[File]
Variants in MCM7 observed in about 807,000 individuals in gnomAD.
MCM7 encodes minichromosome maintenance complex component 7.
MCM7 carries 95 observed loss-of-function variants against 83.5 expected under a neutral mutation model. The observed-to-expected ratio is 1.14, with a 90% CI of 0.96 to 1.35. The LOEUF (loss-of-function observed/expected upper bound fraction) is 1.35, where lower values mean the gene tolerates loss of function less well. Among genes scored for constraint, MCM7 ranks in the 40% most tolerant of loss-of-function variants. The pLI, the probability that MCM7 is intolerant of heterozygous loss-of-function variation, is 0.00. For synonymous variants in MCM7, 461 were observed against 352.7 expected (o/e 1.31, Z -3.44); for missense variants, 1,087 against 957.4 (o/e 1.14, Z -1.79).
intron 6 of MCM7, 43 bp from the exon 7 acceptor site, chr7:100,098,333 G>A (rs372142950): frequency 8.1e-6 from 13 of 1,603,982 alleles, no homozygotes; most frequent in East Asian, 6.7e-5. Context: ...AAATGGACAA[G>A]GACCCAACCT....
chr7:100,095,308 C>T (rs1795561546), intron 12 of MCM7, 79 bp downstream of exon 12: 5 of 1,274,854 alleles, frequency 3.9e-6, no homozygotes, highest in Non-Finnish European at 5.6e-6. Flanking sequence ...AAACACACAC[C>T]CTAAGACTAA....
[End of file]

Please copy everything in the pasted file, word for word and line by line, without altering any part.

Variants in MCM7 observed in about 807,000 individuals in gnomAD.
MCM7 encodes minichromosome maintenance complex component 7.
MCM7 carries 95 observed loss-of-function variants against 83.5 expected under a neutral mutation model. The observed-to-expected ratio is 1.14, with a 90% CI of 0.96 to 1.35. The LOEUF (loss-of-function observed/expected upper bound fraction) is 1.35, where lower values mean the gene tolerates loss of function less well. Among genes scored for constraint, MCM7 ranks in the 40% most tolerant of loss-of-function variants. The pLI, the probability that MCM7 is intolerant of heterozygous loss-of-function variation, is 0.00. For synonymous variants in MCM7, 461 were observed against 352.7 expected (o/e 1.31, Z -3.44); for missense variants, 1,087 against 957.4 (o/e 1.14, Z -1.79).
intron 6 of MCM7, 43 bp from the exon 7 acceptor site, chr7:100,098,333 G>A (rs372142950): frequency 8.1e-6 from 13 of 1,603,982 alleles, no homozygotes; most frequent in East Asian, 6.7e-5. Context: ...AAATGGACAA[G>A]GACCCAACCT....
chr7:100,095,308 C>T (rs1795561546), intron 12 of MCM7, 79 bp downstream of exon 12: 5 of 1,274,854 alleles, frequency 3.9e-6, no homozygotes, highest in Non-Finnish European at 5.6e-6. Flanking sequence ...AAACACACAC[C>T]CTAAGACTAA....